Try this microscale practical investigating the transition elements, complex formation and changes in oxidation state

This resource accompanies the article Teaching transition metals and complex ions at post-16 in Education in Chemistry, which provides classroom tips, activities and ideas to prevent misconceptions relating to transition elements.

In this practical activity, learners conduct a series of microscale experiments to model sustainable practices in the laboratory as they investigate the chemistry of the transition elements. Learners will use experimental evidence to identify reactions involving complex formation and changes in metal oxidation states. See the Teaching notes and expected observations for each reaction and find the answers to the student questions in the teacher notes download. The experiment will take approximately 20 minutes.

Learning objectives

  1. Develop an understanding of sustainable practices by carrying out a microscale experiment to minimise the use and disposal of toxic substances.
  2. Relate experimental observations to the oxidation state, ligand type and coordination number of transition element compounds.
  • Previews of the Transition metals microscale student sheets, teacher and technician notes

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    Conduct a series of microscale experiments to model sustainable practices in the laboratory using the student sheet, teacher notes (with answers) and technician notes.

Health and safety

Read our standard health and safety guidance and carry out a risk assessment before running any practical. Do the experiment in a well-ventilated laboratory, instruct learners to wear eye protection throughout the practical and see the technician notes for hazards, preparation (including CLEAPSS recipe books) and disposal instructions.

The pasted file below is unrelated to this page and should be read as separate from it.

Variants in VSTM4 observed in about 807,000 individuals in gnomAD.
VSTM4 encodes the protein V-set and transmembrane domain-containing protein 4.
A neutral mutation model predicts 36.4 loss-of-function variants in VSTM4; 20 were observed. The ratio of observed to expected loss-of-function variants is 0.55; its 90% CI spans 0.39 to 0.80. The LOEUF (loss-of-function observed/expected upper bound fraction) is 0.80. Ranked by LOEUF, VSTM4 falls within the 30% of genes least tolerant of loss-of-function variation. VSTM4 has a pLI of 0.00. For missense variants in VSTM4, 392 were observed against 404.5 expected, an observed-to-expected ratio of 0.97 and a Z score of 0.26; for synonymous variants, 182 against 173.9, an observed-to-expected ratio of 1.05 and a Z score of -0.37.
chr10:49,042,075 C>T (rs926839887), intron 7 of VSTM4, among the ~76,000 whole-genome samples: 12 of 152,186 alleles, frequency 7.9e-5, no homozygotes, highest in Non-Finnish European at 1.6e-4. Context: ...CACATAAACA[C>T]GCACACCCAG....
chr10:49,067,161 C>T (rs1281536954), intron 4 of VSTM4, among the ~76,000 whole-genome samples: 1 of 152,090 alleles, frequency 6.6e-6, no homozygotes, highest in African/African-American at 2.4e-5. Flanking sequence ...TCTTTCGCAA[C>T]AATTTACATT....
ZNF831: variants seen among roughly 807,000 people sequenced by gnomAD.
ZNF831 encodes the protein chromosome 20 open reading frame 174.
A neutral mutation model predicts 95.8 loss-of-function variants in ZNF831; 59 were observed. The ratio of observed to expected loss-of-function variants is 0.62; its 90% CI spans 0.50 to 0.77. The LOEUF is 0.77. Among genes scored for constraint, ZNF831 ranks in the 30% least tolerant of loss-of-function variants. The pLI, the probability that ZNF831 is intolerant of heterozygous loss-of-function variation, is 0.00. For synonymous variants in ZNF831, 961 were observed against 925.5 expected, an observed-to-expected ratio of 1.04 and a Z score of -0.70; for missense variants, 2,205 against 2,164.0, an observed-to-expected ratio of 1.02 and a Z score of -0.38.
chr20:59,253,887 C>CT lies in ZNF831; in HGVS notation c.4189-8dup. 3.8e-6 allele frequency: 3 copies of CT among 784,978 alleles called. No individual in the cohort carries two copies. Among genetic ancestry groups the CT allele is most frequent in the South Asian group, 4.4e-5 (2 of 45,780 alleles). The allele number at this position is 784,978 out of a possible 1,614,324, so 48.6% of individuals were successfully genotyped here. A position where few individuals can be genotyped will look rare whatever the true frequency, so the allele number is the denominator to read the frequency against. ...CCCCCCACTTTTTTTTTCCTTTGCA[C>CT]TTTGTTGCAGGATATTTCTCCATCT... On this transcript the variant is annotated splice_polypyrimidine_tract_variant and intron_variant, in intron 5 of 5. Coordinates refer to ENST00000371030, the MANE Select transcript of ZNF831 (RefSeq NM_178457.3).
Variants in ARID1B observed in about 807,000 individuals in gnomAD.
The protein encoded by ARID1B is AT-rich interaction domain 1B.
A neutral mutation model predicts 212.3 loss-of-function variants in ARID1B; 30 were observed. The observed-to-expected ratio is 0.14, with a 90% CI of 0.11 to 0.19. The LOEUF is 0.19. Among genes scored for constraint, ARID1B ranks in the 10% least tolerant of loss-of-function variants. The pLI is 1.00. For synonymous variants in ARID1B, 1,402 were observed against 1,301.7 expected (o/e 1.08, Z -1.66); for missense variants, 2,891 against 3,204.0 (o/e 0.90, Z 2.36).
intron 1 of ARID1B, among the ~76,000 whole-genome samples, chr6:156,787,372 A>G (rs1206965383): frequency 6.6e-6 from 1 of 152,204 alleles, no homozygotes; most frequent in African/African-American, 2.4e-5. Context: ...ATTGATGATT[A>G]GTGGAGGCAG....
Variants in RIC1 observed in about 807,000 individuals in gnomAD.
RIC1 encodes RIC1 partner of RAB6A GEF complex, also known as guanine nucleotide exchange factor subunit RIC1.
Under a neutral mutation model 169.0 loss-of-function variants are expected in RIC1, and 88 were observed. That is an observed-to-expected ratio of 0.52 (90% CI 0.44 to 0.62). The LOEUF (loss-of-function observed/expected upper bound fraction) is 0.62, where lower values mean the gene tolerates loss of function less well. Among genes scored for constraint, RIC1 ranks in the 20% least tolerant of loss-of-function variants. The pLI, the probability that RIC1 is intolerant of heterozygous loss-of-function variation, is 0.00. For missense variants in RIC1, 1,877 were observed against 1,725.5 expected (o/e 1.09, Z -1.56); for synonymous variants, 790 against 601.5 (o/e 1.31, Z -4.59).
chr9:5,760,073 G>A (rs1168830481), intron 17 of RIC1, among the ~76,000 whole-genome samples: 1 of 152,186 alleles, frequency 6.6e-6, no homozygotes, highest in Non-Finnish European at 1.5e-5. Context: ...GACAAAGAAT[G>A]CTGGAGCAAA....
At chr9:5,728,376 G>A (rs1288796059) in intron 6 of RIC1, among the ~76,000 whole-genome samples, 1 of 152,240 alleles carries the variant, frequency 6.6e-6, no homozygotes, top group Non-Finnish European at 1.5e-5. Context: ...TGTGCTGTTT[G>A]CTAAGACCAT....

• Safety goggles (to BS EN166 3)
  • Chemical resistant gloves (optional – none of the chemicals require gloves but learners should avoid skin contact with some of the solutions)
  • Student worksheet (page 3 laminated)
  • Clear plastic sheet (eg, acetate sheet overlay if you are not using a laminated worksheet)
  • Magnifying glass

Chemical reagents

  • Acidified potassium dichromate, 0.2 mol dm–3  (if not acidified, add excess sulfuric acid 1 mol dm–3  to the stock solution bottle)
  • Potassium manganate(VII), 0.2 mol dm–3
  • Cobalt nitrate, 0.5 mol dm–3
  • Ammonia solution, 2 mol dm–3
  • Ammonium vanadate(V), 0.1 mol dm–3
  • Hydrochloric acid, 1 mol dm–3
  • Sulfuric acid, 1 mol dm–3 (to acidify reactions where necessary)
  • Hydrogen peroxide, 5% solution
  • Sodium hydroxide, 1 mol dm–3
  • Copper(II) sulfate, 0.2 mol dm–3
  • Iron(II) sulfate, 0.2 mol dm–3 (ensure solution is acidified with sulfuric acid for manganate reaction)
  • Iron(III) nitrate, 0.2 mol dm–3
  • Potassium iodide, 0.2 mol dm–3
  • Starch solution (freshly made)
  • Zinc metal granules (or metal foil pieces)
  • Zinc(II) sulfate solution, 0.2 mol dm–3


  1. Read the Health, safety and technical notes and Chemical hazards table in the student worksheet before you begin.
  2. Cover page 3 with a clear plastic sheet (if it is not laminated).
  3. Draw a suitable table to record your observations from each experiment.
  4. Place a drop of each solution from vanadium to zinc in the appropriate boxes in the Microscale table. (Note: one drop will act as a reference).